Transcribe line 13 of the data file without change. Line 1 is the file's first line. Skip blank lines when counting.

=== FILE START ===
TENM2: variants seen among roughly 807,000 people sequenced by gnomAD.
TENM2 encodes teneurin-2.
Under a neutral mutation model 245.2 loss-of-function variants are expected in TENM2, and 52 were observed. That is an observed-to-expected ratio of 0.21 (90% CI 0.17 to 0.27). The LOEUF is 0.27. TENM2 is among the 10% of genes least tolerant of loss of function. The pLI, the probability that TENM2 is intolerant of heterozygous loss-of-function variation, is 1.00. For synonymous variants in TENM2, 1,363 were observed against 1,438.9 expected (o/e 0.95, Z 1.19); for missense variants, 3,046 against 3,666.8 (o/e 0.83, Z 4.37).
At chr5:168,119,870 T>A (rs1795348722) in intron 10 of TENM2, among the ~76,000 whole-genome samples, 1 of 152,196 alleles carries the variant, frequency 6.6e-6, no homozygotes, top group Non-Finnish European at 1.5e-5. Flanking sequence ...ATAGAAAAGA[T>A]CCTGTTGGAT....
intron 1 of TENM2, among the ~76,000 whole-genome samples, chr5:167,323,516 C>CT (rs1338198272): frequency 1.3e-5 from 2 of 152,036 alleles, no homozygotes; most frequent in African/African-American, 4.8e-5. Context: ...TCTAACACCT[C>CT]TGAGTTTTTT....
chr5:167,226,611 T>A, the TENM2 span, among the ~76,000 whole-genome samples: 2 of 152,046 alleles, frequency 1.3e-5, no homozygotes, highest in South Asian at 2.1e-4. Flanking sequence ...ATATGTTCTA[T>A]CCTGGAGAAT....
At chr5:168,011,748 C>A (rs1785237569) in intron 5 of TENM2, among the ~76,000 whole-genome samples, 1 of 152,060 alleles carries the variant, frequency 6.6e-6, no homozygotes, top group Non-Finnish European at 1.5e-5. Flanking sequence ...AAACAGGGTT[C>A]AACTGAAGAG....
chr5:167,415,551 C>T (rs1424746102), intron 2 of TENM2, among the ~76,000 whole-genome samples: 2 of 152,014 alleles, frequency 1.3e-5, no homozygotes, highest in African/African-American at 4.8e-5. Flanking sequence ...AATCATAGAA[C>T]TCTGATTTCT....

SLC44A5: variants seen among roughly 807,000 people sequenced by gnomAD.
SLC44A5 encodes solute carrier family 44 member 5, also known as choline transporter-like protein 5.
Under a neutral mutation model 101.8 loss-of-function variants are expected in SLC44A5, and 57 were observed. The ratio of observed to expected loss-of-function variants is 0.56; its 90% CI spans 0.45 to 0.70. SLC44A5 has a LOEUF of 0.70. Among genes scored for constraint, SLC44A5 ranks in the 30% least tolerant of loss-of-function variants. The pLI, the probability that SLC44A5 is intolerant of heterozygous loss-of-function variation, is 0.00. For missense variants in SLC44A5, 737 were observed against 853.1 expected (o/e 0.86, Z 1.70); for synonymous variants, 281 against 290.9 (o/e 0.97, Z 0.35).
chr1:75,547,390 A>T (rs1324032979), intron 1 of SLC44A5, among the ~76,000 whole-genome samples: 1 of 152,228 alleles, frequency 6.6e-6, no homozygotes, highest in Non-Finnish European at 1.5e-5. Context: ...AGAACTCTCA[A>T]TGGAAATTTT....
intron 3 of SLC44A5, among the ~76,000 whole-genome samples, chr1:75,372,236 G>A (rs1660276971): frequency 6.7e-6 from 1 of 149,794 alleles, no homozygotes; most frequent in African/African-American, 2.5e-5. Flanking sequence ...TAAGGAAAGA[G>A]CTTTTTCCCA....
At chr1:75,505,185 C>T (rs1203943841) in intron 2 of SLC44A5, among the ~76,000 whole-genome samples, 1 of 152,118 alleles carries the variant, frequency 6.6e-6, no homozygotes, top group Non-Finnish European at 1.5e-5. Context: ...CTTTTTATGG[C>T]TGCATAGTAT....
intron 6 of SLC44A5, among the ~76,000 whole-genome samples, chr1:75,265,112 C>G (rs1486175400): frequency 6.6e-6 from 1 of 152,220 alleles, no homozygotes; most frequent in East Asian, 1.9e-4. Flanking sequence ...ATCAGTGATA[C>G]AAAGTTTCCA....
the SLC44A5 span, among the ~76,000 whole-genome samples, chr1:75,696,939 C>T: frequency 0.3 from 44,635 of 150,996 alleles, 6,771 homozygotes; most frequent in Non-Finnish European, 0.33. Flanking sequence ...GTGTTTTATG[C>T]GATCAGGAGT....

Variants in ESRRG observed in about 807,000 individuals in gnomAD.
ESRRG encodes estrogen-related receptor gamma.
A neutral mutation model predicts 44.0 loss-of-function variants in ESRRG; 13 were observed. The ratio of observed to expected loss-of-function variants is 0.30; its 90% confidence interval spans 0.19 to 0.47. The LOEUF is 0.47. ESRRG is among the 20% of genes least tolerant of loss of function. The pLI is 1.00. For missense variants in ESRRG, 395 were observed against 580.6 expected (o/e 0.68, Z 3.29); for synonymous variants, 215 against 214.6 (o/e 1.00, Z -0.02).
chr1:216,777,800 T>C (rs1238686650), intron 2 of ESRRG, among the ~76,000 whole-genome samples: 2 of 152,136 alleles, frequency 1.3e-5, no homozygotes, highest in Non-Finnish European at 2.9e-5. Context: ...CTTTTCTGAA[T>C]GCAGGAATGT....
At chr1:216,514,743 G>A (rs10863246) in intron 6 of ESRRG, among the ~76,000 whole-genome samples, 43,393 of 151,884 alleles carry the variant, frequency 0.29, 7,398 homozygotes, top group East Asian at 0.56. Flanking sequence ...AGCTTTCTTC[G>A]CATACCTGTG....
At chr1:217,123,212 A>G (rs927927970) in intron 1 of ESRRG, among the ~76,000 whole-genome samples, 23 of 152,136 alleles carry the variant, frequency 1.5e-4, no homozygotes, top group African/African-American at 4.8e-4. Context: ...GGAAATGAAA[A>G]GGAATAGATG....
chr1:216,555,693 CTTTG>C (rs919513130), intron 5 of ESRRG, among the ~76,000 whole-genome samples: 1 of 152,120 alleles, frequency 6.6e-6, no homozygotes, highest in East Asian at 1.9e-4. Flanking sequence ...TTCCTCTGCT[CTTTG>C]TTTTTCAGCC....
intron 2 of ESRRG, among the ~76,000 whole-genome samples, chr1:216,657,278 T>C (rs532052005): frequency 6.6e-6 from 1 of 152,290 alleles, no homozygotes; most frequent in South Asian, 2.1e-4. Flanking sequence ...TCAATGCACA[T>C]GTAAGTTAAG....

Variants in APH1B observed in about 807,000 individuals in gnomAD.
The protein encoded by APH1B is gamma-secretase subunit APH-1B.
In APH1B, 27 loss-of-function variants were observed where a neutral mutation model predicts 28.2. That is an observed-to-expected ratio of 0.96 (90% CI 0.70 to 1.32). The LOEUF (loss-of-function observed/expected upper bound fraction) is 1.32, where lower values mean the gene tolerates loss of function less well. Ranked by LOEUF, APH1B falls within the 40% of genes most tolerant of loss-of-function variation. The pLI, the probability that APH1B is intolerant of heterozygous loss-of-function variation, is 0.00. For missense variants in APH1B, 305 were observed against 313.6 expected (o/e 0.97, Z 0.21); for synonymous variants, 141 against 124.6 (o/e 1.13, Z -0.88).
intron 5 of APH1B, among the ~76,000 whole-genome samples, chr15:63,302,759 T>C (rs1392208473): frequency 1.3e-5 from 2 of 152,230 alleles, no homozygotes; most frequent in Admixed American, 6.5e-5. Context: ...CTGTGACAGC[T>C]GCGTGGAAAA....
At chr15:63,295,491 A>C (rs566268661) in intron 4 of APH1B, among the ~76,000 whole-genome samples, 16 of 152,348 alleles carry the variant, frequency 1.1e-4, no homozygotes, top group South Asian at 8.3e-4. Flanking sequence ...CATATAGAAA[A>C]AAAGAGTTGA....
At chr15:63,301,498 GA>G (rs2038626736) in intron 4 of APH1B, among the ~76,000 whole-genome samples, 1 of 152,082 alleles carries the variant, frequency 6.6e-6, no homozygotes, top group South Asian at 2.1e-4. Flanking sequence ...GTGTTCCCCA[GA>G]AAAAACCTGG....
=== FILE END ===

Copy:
intron 3 of SLC44A5, among the ~76,000 whole-genome samples, chr1:75,372,236 G>A (rs1660276971): frequency 6.7e-6 from 1 of 149,794 alleles, no homozygotes; most frequent in African/African-American, 2.5e-5. Flanking sequence ...TAAGGAAAGA[G>A]CTTTTTCCCA....